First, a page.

That was the ever-alert home minister in November 2006. The minister of defence has been no less alert. On March 9 2007, he was asked in the Lok Sabha, whether “the intelligence agencies have warned about the possibility of terrorists trying to infiltrate through the sea route or trying to target our offshore installations?” He answered, “Yes, sir. There are reports about terrorists of various tanzeems being imparted training and likelihood of their infiltration through sea routes…” He was asked whether “maritime terrorism, gun-running, drug-trafficking and piracy are major threats that India is facing from the sea borders of the country?” His answer? “Yes, sir.”
On May 9 2007, the home minister was asked in the Rajya Sabha, whether “it is a fact that there are strong apprehensions of terrorist threats to the country through the sea route?” “As per available reports,” he answered, “Pak based terrorist groups, particularly LeT, have been exploring possibilities of induction of manpower and terrorist hardware through the sea route…” On December 8, 2007, the National Security Adviser, M.K. Narayanan, was educating the world at the 4th Regional Security Summit organised by the International Institute of Strategic Studies, the Manama Dialogue. “According to our intelligence reports,” he confided to the assembled sheikhs and experts, “there are now certain new schools that are now being established on the Pakistan-Afghanistan border, which now specialise in the training of an international brigade of terrorists to fight in many climes. According to our information, recruits from 14 to 15 countries have been identified as amongst the trainees there… Training has become extremely rigorous — it is almost frightening in nature… Studies are being carried out about important targets, with regard to vulnerability, accessibility, poor security, absence of proper counter-terrorism measures, etc. The sea route, in particular, is becoming the chosen route for carrying out many attacks, even on land. References to this are to be found replete in current terrorist literature.” “Given India’s experience in dealing with terrorism,” he added, “I would like to therefore sound a note of warning, that there is no scope for complacency…”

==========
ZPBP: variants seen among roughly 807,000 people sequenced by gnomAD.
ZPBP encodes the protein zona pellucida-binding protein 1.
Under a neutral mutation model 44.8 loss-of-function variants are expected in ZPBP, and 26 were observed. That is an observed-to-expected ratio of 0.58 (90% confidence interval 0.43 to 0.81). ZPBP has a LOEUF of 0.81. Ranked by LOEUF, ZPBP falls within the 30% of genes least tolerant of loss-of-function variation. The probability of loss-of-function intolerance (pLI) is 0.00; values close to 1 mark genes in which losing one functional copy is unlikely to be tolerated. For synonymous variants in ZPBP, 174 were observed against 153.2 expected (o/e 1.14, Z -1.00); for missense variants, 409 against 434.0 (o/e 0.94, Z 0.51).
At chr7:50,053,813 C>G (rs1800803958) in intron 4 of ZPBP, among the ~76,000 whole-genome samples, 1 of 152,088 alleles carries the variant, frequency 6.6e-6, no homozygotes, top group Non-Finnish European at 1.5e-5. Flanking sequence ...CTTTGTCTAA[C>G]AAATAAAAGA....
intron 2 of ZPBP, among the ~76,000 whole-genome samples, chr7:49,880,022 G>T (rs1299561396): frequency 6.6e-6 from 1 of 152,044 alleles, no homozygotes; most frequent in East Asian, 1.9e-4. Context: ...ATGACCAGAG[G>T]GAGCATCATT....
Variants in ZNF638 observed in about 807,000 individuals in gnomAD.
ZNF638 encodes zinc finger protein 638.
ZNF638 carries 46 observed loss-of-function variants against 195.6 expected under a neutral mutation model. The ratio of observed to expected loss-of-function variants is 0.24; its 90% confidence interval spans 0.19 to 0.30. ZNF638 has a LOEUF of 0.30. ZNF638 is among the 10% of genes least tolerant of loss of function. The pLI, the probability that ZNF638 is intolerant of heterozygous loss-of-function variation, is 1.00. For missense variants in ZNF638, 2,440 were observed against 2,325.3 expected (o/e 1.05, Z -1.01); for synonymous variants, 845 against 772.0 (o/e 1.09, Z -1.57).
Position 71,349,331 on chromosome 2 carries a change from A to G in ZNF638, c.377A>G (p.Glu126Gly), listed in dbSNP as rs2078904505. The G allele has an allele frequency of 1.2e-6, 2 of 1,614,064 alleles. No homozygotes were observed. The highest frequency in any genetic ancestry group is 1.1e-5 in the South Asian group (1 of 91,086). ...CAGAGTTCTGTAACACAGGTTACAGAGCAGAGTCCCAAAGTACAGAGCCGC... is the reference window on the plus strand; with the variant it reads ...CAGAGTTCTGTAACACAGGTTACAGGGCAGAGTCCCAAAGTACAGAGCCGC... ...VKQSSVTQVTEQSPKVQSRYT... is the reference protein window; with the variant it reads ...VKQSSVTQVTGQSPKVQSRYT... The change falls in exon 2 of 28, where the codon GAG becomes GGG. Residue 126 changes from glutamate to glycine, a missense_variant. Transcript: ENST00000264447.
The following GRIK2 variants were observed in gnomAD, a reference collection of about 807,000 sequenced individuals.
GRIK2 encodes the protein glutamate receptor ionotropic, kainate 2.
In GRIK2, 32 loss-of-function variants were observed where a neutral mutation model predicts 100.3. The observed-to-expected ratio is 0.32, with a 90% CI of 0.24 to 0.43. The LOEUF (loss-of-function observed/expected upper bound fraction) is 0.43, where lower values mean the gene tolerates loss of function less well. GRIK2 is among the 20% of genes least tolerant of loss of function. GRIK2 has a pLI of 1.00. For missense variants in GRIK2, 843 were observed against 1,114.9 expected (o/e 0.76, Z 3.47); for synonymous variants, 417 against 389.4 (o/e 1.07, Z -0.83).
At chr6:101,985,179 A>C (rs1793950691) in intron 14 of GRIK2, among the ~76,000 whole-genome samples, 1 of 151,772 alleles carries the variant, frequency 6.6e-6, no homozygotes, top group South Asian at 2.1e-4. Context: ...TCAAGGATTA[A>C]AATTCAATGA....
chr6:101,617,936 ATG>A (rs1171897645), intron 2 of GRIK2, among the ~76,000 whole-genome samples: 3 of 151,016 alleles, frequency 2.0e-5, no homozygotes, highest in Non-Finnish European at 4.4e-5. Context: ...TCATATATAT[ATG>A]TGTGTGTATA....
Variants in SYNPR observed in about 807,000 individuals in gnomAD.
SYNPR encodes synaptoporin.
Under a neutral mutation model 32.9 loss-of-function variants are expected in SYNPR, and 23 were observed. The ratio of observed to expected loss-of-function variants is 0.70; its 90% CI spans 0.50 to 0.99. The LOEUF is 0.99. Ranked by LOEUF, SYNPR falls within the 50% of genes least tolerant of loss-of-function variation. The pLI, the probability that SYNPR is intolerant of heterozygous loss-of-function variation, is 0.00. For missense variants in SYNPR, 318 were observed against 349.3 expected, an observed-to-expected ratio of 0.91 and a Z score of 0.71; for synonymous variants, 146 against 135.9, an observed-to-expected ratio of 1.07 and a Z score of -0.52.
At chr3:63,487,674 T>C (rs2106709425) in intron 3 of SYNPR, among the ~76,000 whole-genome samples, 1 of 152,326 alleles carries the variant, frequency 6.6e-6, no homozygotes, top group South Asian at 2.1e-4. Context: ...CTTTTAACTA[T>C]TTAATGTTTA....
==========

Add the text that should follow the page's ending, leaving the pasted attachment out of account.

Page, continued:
On March 11, 2008, A.K. Antony addressed the “International Maritime Search and Rescue Conference,” in Delhi. He warned the delegates of “dangers of Terror attacks from the sea in the region.” In the course of his address, Antony admitted that the Coast Guard faces shortage of manpower as well as hardware. But “necessary steps are being taken to strengthen the search and rescue infrastructure of the Indian Coast Guard…” On November 13, 2008, just a fortnight before the assaults at Mumbai, Manmohan Singh warned the BIMSTEC summit, “Terrorism and threats from the sea continue to challenge the authority of the state…”
By now it was time for Shivraj Patil to address yet another meeting of the DGs and IGs of Police. Thus on November 22, 2008, that is literally on the eve of the attacks in Mumbai, he told the police chiefs, “To control terrorism in the hinterland, we have to see that infiltration of terrorists from other countries does not take place through the sea routes and through the borders between India and friendly countries. The coastlines also have to be guarded through Navy, Coast Guard and coastal police. The states’ special branches and the CID should identify the persons forming part of the sleeper cells and lodging in cities and towns and studying in educational institutions and working in industries and professions…”
And four days later, the terrorists, using the exact same sea route, do the exact same thing that these worthies have been warning others about. Are they consultants to Government or ones running the government? Is their job to issue warnings to others or to see that the warnings are acted upon? Warning given, the job is done. But that is the fate of warnings in this system. After all, that very sea route was used to smuggle explosives for the blasts across Bombay in 1993. Were those blasts not warning enough?